I was weaned on Philippine colonial literature and as it fascinated me, I longed to discover the Old Manila; our colonial past. You could finagle me into saying that I read Nick Joaquin who kept those memories alive through his pen. My childhood geography finds memories of my parents taking me to Binondo to watch Bruce Lee films have that grainy feel of a black and white film. Those days seem an age ago but remain cherished in the way people used to stick pictures by the mirror instead of using them as wallpapers of laptops. Binondo was where people went for Cubao was in its nascent stages of development while Makati was brand new. I walked the streets of Avenida, Ongpin, and Quiapo before it became synonymous with snatchers, contraband goods, and urban decay. Remember when you saw those Love Buses of Imelda Marcos that traversed the city en route to Escolta? No you don’t of course. Stupid me. Who cares about Old Manila? My sense of nationalism may have taken a huge dip in recent years, but there are some things I am passionate about.

I rejoiced when Intramuros was “restored” to a semblance of its former beauty. But looking at it now, it will never be a “heritage” site.

In the old Ateneo site sits an ugly Clamshell where debuts, parties, and other functions are held but today after the tenure of former Tourism Secretary Richard Gordon, is more often than not silent because of inactivity. Outside the San Ignacio Church is a basketball court – a whole court to pique your interest. On occasion the ruins incredibly are refuge for the homeless. The Memorare statue is dirty and filled with homeless people sleeping on the benches and reeks of human waste.

A thirty-minute kalesa ride tour (Php 150 per pax don’t let anyone else fool you) is not so bad. The history lesson is not so bad (did you know that the original site of the University of Santo Tomas is now a Banco Filipino building – I quipped, since they’re the oldest university in Asia the old tagline fits, “Subok na matibay. Subok na matatag.”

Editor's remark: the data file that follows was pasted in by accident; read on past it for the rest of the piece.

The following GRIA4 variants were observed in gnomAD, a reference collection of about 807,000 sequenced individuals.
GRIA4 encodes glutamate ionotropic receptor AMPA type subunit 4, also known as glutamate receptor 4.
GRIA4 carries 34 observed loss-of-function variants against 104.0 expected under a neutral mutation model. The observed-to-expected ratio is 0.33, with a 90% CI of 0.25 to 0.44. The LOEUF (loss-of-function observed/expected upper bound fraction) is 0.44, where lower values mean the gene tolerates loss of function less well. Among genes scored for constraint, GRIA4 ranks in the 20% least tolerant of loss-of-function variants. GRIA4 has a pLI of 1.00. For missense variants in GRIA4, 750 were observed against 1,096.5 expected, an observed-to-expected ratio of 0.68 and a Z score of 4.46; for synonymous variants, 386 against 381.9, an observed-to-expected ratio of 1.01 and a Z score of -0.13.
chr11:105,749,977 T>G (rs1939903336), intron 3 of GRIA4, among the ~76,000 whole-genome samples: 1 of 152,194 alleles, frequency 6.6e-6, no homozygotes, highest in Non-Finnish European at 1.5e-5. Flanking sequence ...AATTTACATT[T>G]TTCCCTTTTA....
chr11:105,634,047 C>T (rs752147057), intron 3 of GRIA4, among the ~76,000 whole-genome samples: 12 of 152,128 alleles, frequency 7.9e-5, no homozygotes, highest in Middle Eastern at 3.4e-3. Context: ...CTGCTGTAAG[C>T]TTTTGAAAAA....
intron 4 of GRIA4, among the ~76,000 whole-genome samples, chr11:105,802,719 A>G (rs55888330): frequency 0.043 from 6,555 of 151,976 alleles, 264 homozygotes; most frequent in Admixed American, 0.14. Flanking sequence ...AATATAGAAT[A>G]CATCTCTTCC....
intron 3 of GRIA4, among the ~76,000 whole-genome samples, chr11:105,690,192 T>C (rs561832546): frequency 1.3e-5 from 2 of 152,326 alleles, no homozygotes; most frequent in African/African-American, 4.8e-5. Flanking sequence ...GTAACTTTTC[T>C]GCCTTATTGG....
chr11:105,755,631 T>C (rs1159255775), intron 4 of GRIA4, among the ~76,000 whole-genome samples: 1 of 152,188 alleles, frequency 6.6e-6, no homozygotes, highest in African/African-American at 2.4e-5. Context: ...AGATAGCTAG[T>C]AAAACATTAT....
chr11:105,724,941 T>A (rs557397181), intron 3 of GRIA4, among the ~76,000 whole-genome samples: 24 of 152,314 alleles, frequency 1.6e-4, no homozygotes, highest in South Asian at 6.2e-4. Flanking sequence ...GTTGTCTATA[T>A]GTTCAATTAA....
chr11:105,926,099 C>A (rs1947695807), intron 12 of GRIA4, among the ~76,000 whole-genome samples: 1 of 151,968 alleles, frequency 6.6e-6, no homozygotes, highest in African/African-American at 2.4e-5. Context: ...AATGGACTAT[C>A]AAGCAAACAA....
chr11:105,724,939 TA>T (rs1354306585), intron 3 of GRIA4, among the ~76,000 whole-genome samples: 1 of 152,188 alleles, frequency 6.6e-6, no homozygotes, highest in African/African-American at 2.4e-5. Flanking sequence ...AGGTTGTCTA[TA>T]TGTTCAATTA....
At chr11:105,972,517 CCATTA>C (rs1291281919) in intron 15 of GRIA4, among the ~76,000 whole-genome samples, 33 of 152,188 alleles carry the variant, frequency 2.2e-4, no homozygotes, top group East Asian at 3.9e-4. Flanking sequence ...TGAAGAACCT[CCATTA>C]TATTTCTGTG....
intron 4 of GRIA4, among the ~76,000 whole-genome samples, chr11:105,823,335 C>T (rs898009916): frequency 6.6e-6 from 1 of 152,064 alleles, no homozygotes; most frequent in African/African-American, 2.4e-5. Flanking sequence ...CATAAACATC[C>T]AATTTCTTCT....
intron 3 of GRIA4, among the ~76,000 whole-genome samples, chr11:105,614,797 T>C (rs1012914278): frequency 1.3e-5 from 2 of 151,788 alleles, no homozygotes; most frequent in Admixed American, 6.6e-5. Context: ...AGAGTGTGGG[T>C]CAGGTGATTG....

Another joke here, “The Starbucks in Intramuros” was a remnant of the American Period.” The kutsero and the guide had a laugh about that.

I traced my roots, my grandfather, my father, and my uncles who went to the Ateneo in Intramuros and Padre Faura and that will always remain in my heart and mind. Forever a part of my geography.





There's the court -- next to the ruins of the San Ignacio church.


Sunday, April 6, 2008

A dog's best friend and mine too

I got these pictures from my dad's e-group. The first one shows a dog watching out for his friend who got hit by a car. Incredibly, it throws caution to the wind and stays put trying to wake him up. Notice how he plants his paw on his fallen friend.

Here he tries to push his friend to safety once more disregarding the onrushing traffic from either lane.
















By now a lot of motorists have stopped to take videos and pictures of the dog as it continues to push his friend to safety.


I have had quite a few pets but the one I love the most is my Dalmatian/Labrador Lougee. She's not only a funny dog but she's extremely bright. When she wants to come inside the room, she knocks. When she wants to go out, she looks at the her dog chain. When haven't gotten up from bed in the morning and she's hungry, she wakes me up by nudging my feet or licking my hands. I've installed a latch on my outside door because she can actually open the doorknob by using her front feet to turn it.

It's incredible how Lougee can distinguish people aside from how their smell from how they open the gate. If she doesn't know the sound she barks which is good reason for all of us to look outside. And on several occasions, there were indeed people at the gate.

Whatever I eat, she eats as well. Whatever meal I cook she gets a piece of it too. I even cooked her a steak meal one time -- complete with mashed potato, beans, gravy, and corn.

She's sick right now and I'm worried to death about my dog. I brought her to my vet in Greenhills and only hope that she'll be healthy real soon.

Thursday, April 3, 2008

Building a Legacy -- the old and new Ateneo dorms



Here's an avp presentation of the the Ateneo dorms -- for Cervini, Eliazo, and the new and yet unnamed one that will be open this May.

There were a lot of great offshoots from the making of this. We had to cut out the sharings of Dick Gordon (about making takas to watch James Bond movies in Cubao) and Fritz Gaston not being thrown in the pool during his birthday kasi "malaki siyang tao." There were a lot of other funny stuff as well. I did stay in Cervini for one semester at the behest of Bro. Jim Dunne. Supposedly it was because to be closer to school but in truth I was courting a girl from Eliazo. I once tried the harana with four friends -- two who were dormers! Former Blue Eagle Nonoy Chuatico who is a great friend was one of those who joined that harana.

Watch out for the full-length interview with Gawad Kalinga's Tony Meloto.

The music I used was by Jim Chappell, Tommy Dorsey, and Chuck Mangione ("Give it all you've got" the official theme of the 1980 Winter Olympics in Lake Placid, New York).